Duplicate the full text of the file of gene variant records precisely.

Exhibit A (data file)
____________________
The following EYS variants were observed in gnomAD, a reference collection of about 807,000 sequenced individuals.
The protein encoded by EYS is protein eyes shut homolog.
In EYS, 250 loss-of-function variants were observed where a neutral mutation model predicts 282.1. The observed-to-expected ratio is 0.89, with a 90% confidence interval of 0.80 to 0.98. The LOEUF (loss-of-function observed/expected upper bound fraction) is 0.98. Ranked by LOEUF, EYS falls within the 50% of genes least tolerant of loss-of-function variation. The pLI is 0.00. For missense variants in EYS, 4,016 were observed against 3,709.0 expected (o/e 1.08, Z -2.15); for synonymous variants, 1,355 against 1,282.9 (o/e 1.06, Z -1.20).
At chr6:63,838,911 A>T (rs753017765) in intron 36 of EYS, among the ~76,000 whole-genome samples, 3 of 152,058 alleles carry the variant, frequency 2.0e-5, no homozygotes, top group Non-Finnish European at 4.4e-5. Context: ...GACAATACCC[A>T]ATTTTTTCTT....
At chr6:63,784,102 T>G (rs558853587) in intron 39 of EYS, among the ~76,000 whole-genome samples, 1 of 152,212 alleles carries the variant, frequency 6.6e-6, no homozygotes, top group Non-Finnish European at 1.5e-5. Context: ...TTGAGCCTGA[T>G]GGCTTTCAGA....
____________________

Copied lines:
The following EYS variants were observed in gnomAD, a reference collection of about 807,000 sequenced individuals.
The protein encoded by EYS is protein eyes shut homolog.
In EYS, 250 loss-of-function variants were observed where a neutral mutation model predicts 282.1. The observed-to-expected ratio is 0.89, with a 90% confidence interval of 0.80 to 0.98. The LOEUF (loss-of-function observed/expected upper bound fraction) is 0.98. Ranked by LOEUF, EYS falls within the 50% of genes least tolerant of loss-of-function variation. The pLI is 0.00. For missense variants in EYS, 4,016 were observed against 3,709.0 expected (o/e 1.08, Z -2.15); for synonymous variants, 1,355 against 1,282.9 (o/e 1.06, Z -1.20).
At chr6:63,838,911 A>T (rs753017765) in intron 36 of EYS, among the ~76,000 whole-genome samples, 3 of 152,058 alleles carry the variant, frequency 2.0e-5, no homozygotes, top group Non-Finnish European at 4.4e-5. Context: ...GACAATACCC[A>T]ATTTTTTCTT....
At chr6:63,784,102 T>G (rs558853587) in intron 39 of EYS, among the ~76,000 whole-genome samples, 1 of 152,212 alleles carries the variant, frequency 6.6e-6, no homozygotes, top group Non-Finnish European at 1.5e-5. Context: ...TTGAGCCTGA[T>G]GGCTTTCAGA....